Corey Maze – Nominee for the U.S. District Court for the Northern District of Alabama

The 40-year-old Corey Maze has, like two other Trump judicial nominees from Alabama, served as Alabama Solicitor General.  His tenure in that office, and his subsequent tenure with the Alabama Attorney General, has prepared him well for the federal bench.

Background

Corey Landon Maze was born in Gadsden, Alabama on January 4, 1978.  Maze graduated summa cum laude from Auburn University in 1996 and cum laude from Georgetown University Law Center in 2003.[1]

After graduation, Maze joined the Alabama Attorney General’s Office, working under then-AG William Pryor as Assistant Attorney General in Criminal Trials and Appeals.[2]  In 2008, Attorney General Troy King selected Maze to be Solicitor General of Alabama.  He held the position until 2011, when he became Special Deputy Attorney General for Civil Litigation, a position he still holds.

History of the Seat

Maze has been nominated for a seat on the U.S. District Court for the Northern District of Alabama.  This seat opened on June 22, 2018, when Judge Virginia Emerson Hopkins moved to senior status.  However, Maze had contacted Alabama Senator Richard Shelby in November 2016 to express his interest in an appointment to the federal bench.[3]  Maze interviewed with Shelby and then-Sen. Luther Strange in 2017, and with the White House in early 2018.  Maze was officially nominated on May 10, 2018.[4]

Legal Experience

Maze has spent his entire legal career at the Alabama Attorney General’s Office, working as Assistant Attorney General in Criminal Trials and Appeals, as Solicitor General, and, currently, as Special Deputy Attorney General for Civil Litigation.

As Assistant Attorney General, Maze prosecuted both non-capital and capital murder cases in Alabama state courts.  Notably, Maze prosecuted Daniel Wade Moore for the stabbing death of Karen Croft Tipton in 1999.[5]  Moore’s initial conviction was overturned by Judge Glenn Thompson, but was reinstated on appeal.[6]  Moore’s second trial ended in a hung jury, and, in his third, Maze was admonished by Judge Steve Haddock for failing to disclose a disk of FBI evidence to the defense, stating that the conduct of the investigators constituted “willful and intentional misconduct.”[7]  Moore was ultimately acquitted in his third trial.

As Solicitor General, Maze served as Alabama’s chief appellate attorney.  In this role, Maze argued three cases before the U.S. Supreme Court.  In one, Maze successfully defended a death penalty conviction under federal habeas review, as dictated by the Antiterrorism and Effective Death Penalty Act.[8]  In another, the Supreme Court ruled 5-4 against Maze’s position, holding that an inmate who had successfully obtained habeas relief was permitted to raise a challenge to his second death sentence on the same constitutional grounds.[9]  In a third case, the Supreme Court ruled 7-2 against Maze’s position that a railroad transportation company cannot challenge the imposition of Alabama sales tax on the purchase of diesel fuel.[10]

As Special Deputy Attorney General for Civil Litigation, Maze handles complex civil litigation for the state.  For example, Maze has served as Chief Counsel for Alabama’s suit against British Petroleum (BP) for damages resulting from the 2011 oil spill in the Gulf of Mexico.[11]  The suit led to a settlement with approximately $950 million in damages to be paid to the State.[12]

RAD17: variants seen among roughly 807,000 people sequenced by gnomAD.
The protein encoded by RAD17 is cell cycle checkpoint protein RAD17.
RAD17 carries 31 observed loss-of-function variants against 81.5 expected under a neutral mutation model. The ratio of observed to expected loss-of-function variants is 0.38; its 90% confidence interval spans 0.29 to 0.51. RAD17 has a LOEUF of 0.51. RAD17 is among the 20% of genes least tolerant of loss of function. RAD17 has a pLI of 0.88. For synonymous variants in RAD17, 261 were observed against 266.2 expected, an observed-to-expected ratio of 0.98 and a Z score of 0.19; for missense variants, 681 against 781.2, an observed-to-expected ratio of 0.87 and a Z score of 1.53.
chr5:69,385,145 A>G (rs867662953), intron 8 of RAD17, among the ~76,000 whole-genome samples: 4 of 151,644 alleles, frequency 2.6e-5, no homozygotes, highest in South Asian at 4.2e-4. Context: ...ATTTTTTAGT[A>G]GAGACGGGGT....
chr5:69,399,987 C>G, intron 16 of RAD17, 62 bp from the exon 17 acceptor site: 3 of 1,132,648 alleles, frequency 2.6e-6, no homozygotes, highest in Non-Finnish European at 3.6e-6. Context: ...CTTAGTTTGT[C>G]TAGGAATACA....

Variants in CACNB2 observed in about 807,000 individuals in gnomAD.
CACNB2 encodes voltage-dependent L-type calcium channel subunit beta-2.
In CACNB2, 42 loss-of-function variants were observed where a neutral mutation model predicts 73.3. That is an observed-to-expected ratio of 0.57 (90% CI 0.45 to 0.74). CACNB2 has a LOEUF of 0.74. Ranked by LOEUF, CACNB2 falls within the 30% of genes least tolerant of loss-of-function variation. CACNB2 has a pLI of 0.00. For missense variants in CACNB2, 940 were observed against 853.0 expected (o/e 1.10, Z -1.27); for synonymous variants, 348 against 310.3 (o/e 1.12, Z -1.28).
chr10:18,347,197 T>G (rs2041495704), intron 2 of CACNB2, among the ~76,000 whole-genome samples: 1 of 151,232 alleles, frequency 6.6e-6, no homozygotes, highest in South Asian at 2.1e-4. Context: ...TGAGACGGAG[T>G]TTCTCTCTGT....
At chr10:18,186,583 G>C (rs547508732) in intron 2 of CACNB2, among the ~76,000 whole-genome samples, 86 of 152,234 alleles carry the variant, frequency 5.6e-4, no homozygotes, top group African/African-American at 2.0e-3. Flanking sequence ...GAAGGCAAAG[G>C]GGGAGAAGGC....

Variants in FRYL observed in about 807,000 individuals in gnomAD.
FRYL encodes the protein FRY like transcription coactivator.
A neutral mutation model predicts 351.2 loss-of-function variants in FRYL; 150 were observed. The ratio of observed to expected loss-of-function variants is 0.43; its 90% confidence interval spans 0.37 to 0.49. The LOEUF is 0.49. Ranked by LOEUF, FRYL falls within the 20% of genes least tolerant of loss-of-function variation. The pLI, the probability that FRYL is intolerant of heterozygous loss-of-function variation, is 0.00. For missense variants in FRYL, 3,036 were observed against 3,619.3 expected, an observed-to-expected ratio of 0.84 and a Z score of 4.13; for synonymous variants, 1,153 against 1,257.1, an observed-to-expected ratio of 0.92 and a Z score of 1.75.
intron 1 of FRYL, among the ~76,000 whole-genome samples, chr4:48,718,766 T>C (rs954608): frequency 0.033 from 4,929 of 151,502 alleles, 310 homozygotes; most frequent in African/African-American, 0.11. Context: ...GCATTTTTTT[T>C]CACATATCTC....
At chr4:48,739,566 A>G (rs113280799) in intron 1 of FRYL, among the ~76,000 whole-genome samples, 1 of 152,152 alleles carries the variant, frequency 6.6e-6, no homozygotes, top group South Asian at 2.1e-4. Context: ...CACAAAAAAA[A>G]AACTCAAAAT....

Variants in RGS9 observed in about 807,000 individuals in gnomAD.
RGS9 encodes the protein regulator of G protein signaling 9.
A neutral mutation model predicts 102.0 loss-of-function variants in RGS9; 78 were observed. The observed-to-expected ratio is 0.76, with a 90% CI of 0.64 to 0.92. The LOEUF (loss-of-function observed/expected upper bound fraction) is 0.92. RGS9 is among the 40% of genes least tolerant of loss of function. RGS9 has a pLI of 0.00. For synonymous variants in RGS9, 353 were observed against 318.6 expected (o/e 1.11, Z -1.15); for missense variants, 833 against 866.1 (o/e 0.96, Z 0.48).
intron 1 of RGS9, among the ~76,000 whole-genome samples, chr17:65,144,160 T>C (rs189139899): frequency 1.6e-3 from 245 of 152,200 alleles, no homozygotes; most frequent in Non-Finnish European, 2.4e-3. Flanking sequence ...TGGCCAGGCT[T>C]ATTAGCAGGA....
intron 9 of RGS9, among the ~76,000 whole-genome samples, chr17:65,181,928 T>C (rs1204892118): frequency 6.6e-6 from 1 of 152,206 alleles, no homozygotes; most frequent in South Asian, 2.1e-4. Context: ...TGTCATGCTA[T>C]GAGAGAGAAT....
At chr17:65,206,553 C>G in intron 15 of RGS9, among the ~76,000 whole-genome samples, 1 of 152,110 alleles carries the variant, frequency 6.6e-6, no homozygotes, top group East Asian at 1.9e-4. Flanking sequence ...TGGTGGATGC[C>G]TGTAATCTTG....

Overall Assessment

Despite his youth, Maze has built an impressive legal career.  Given his experience arguing before the Supreme Court and managing multi-million dollar settlements, Maze can argue that he has the legal and organizational ability to excel on the federal bench.

That being said, Maze may still be questioned regarding his time at the Attorney General’s Office.  Specifically, Maze may receive questions about his conduct in the Moore case, and whether he agrees that his office’s actions constituted misconduct.

Overall, Maze remains a favorite for confirmation.  While Sen. Flake’s blockade on judicial nominees will likely prevent Maze’s confirmation this year, he should be confirmed in due course next Congress.


[1] Sen. Comm. on the Judiciary, 115th Cong., Corey L. Maze: Questionnaire for Judicial Nominees 1.

[2] Id.

[3] Id. at 33.

[4] Press Release, White House, President Donald J. Trump Announces Fourteenth Wave of Judicial Nominees, Thirteenth Wave of United States Attorney Nominees, and Eighth Wave of United States Marshall Nominees (May 10, 2018) (on file at https://www.whitehouse.gov/the-press-office).  

[5] Sheryl Marsh, Spending 4 Weeks on a Jury: Judge Quizzes Potential Jurors About Lengthy Trial in Tipton Murder Case, Decatur Daily, Feb. 12, 2008.

[6] See id.

[7] Sheryl Marsh, Tipton Judge Cites Misconduct; Haddock Says Prosecutors Withheld Evidence, But Delays Motion to Dismiss Charges; Jury Selection Begins, Decatur Daily, Apr. 14, 2009.

[8] See Wood v. Allen, 130 S.Ct. 841 (2010).

[9] Magwood v. Patterson, 130 S.Ct. 2788 (2010).

[10] CSX Transp. Inc. v. Alabama Dep’t of Revenue, 131 S.Ct. 1101 (2011).

[11] Kyle Barnett, Ala. AG’s Office Re-Deputized Private Firm to Avoid Legal Challenge From BP, Has Always Intended to Use Firm for Trial, Legal News Line, June 2, 2015.

[12] Jessica Karmasek, Alabama’s $1B Settlement with BP Over 2010 Gulf Oil Spill ‘Officially Approved By All Parties’, Legal News Line, Oct. 15, 2015.

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